As Senior Writer for Global Women's Sports Radio, it is obvious I enjoy women's sports. Lately, I have focused mainly on the WNBA season, which is currently on a break for the Olympics.
I thought it would be interesting to get some thoughts about the WNBA from others. I immediately thought of Adam Chalifoux, who runs the Hoopstradamus and Running with the Bulls podcasts. A longtime reporter of basketball, I knew Adam could give an outsider's inside look at the WNBA.
I gave Adam the general outline, but nothing specific, because I wanted this to be natural and not rehearsed. I knew Adam had enough knowledge and interest to lend insight to a few major WNBA topics.
We started with a general overview of the league and its popularity. Adam made some great points. Everyone wants to compare the WNBA to the NBA, but the WNBA is only 25 years old. When the NBA was 25 years old (even even much more recently), it was far less popular than it is now. When I was growing up, the NBA championship series was on tape delay well beyond my bedtime. It wasn't until Bird, Magic and Jordan led the league to mass popularity, that the NBA stepped up to the true level of a major sport.
The conversation progressed to expansion and again Adam had an interesting point. While the WNBA is mostly in cities with NBA teams, three of the most successful teams (Connecticut Sun, Las Vegas Aces and Seattle Storm) are in cities without teams. Furthermore, Connecticut has no other major pro sports team. This should be the area of interest for the WNBA. Find smaller cities without major sports or even entertainment. The WNBA might be able to thrive in those cities, as opposed to being in a crowded field of entertainment options. While I have been against WNBA expansion, this concept made me rethink my stance.
The usual argument for expansion is the amount of great players available. This I certainly true, but a surplus of players doesn't justify adding teams in a league struggling to find its audience. Adding teams in lesser markets could be an alternative. In a league with a trail of abandoned bigger cities (Cleveland, Detroit, Houston, Miami, Charlotte, Orlando, etc), maybe it's time to look in a different direction.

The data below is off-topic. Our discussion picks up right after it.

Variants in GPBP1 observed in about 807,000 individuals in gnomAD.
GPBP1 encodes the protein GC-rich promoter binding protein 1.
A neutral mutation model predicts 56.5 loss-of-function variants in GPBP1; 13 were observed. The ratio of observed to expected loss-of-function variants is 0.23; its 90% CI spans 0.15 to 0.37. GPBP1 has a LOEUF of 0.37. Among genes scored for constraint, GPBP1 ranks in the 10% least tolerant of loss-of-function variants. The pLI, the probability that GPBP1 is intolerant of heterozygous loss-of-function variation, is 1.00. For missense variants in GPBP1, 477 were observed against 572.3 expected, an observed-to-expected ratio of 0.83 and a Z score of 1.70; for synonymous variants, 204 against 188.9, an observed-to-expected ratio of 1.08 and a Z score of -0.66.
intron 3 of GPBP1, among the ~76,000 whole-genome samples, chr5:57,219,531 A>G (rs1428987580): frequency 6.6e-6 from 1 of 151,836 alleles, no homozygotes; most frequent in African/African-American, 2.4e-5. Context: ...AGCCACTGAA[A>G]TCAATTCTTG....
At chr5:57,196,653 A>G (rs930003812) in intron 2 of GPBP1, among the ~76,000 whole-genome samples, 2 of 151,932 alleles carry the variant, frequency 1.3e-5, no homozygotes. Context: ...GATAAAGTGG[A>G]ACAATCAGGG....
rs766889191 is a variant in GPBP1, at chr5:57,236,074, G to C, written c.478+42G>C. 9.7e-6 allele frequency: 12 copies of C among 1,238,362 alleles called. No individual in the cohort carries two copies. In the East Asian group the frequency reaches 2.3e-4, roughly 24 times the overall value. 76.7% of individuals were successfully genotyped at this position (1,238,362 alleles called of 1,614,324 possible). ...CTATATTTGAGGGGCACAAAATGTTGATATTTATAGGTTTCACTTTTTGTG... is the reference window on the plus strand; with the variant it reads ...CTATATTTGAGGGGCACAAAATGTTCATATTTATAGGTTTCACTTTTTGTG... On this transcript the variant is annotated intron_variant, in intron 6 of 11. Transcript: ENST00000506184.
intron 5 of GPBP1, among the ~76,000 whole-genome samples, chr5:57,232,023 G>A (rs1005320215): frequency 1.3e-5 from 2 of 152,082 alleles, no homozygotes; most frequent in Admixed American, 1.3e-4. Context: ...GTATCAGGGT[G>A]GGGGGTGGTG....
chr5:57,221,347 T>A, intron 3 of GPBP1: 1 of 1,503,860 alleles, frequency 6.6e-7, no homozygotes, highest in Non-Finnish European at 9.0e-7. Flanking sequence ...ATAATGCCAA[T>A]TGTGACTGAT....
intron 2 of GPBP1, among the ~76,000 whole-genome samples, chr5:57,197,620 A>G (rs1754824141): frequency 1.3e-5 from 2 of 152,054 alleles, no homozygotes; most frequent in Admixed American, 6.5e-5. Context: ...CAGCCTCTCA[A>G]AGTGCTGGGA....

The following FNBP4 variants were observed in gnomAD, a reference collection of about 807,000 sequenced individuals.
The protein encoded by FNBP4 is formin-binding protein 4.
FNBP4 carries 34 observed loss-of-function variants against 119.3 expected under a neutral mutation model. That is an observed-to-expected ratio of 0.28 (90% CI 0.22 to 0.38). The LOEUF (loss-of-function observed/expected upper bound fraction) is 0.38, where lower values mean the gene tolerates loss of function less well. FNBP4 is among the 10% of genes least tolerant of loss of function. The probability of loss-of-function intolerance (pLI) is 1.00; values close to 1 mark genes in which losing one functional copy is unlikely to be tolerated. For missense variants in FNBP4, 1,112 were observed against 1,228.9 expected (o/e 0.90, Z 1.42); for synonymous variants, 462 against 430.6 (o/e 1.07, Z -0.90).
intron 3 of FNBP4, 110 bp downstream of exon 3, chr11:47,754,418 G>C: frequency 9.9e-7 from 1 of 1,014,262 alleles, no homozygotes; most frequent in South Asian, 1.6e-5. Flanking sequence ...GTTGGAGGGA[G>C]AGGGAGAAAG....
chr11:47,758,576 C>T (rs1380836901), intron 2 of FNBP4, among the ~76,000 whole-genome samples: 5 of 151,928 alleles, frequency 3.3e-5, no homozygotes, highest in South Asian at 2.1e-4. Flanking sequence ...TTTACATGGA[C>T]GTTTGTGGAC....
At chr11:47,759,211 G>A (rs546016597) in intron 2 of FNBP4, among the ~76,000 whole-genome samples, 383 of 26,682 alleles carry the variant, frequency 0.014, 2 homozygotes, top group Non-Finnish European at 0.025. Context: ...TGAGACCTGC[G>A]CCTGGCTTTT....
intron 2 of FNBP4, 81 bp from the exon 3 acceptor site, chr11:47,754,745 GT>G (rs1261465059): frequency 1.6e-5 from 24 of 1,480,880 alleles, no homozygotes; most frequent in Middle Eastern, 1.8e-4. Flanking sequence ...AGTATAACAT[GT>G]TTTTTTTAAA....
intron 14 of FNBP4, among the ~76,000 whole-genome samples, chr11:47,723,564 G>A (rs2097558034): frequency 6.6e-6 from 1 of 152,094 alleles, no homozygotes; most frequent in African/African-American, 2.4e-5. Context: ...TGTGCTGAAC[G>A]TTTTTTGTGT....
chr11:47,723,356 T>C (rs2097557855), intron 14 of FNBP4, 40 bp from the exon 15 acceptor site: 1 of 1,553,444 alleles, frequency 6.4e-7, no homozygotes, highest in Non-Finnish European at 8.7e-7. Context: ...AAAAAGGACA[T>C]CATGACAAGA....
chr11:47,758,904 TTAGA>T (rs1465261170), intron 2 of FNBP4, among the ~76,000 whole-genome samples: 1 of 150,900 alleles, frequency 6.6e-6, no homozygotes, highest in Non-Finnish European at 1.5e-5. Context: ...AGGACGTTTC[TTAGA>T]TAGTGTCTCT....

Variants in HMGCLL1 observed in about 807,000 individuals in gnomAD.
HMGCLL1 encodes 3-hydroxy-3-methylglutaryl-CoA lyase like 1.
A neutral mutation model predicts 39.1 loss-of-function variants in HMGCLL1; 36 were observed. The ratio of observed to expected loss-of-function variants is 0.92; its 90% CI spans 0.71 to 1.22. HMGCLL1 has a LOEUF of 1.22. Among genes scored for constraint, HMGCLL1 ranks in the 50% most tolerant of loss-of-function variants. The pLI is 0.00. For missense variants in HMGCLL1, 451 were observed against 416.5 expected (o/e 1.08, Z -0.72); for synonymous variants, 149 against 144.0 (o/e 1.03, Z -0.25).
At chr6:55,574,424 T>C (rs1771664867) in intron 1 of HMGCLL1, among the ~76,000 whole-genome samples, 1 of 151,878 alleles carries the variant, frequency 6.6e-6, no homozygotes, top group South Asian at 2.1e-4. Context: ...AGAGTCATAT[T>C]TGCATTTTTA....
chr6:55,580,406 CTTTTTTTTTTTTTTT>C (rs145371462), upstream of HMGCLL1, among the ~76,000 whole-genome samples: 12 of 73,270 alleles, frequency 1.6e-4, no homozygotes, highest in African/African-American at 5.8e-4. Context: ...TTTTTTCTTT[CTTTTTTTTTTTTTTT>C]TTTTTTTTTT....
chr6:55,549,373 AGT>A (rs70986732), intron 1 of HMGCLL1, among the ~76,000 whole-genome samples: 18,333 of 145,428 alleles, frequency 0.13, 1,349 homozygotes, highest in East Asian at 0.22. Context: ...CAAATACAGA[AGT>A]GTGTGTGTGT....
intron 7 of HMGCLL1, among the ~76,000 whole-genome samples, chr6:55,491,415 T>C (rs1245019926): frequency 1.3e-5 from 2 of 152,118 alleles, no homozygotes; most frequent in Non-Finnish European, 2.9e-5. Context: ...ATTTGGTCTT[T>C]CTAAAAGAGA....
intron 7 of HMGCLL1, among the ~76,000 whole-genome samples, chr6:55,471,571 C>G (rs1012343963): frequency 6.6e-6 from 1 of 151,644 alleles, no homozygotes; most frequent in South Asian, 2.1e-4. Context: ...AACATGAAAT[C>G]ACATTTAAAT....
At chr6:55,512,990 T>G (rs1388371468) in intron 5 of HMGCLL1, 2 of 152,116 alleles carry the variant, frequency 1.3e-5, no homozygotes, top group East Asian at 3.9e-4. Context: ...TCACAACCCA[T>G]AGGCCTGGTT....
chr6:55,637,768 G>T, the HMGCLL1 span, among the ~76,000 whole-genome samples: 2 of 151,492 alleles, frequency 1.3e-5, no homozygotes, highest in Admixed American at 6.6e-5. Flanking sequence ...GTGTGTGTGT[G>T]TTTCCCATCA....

We talked about the WNBA showcasing the personalities of the players. The NBA does a great job with promoting their players. The WNBA needs to let the fans see the personalities of players like Breanna Stewart, Liz Cambage, Kia Nurse and more. The press recently saw Connecticut's Natisha Hiedeman “take over” a media session. It was fantastic fun, while still providing serious answers to questions from reporters. Unfortunately, most fans didn't get to see that (unless you follow GWSR, because we showed it). These women could be every bit as big of stars as the men, if they are given the platform.
I have long stated the WNBA needs more women coaches. I mean no disrespect to great coaches like Bill Laimbeer and Curt Miller. They certainly are excelling, but for the overall growth of the league and the advancement of women, more women need to be in charge. There is a push for women to coach in the NBA, but meanwhile the WNBA championship series last season feature two men coaches. Women players need to have coaching opportunities starting in their own league. Grow it from within.
When it came to predictions, we were both a bit predictable (pardon the pun). Las Vegas and Seattle are the class of the league and a rematch in the championship series is a good bet. Adam did pick a darkhorse, as did I. We also discussed the streaky Chicago Sky, who should be in the conversation, but aren't yet.
Lastly, Adam gave his favorite players in the league. As he was naming his, I was thinking of mine, but honestly I would be hard-pressed to pick my top five. Mine change after each press session, because ei see the players in new lights every time. I am also biased towards my Chicago Sky and the aforementioned Hiedeman, whom I covered at Marquette.
I really enjoyed diving into the WNBA with Adam. Because the WNBA is not necessarily his main focus, I knew Adam would give a unique perspective because of his overall basketball acumen. I am also hoping Adam gained a new, deeper appreciation for the WNBA through the discussion. I'm even hoping he features the WNBA more on his Hoopstradamus podcast (hint: bring on Johngy as a guest sometime).
Adam does a great job with both Hoopstradamus and Running with the Bulls. If you're a basketball fan, you'll enjoy both. You might even hear me pop up sometime.
Our interview can be found at On the Beat With Adam Chalifoux of Hoopstradamus. Also, be sure to look for Running With the Bulls and Hoopstradamus on all major podcast platforms.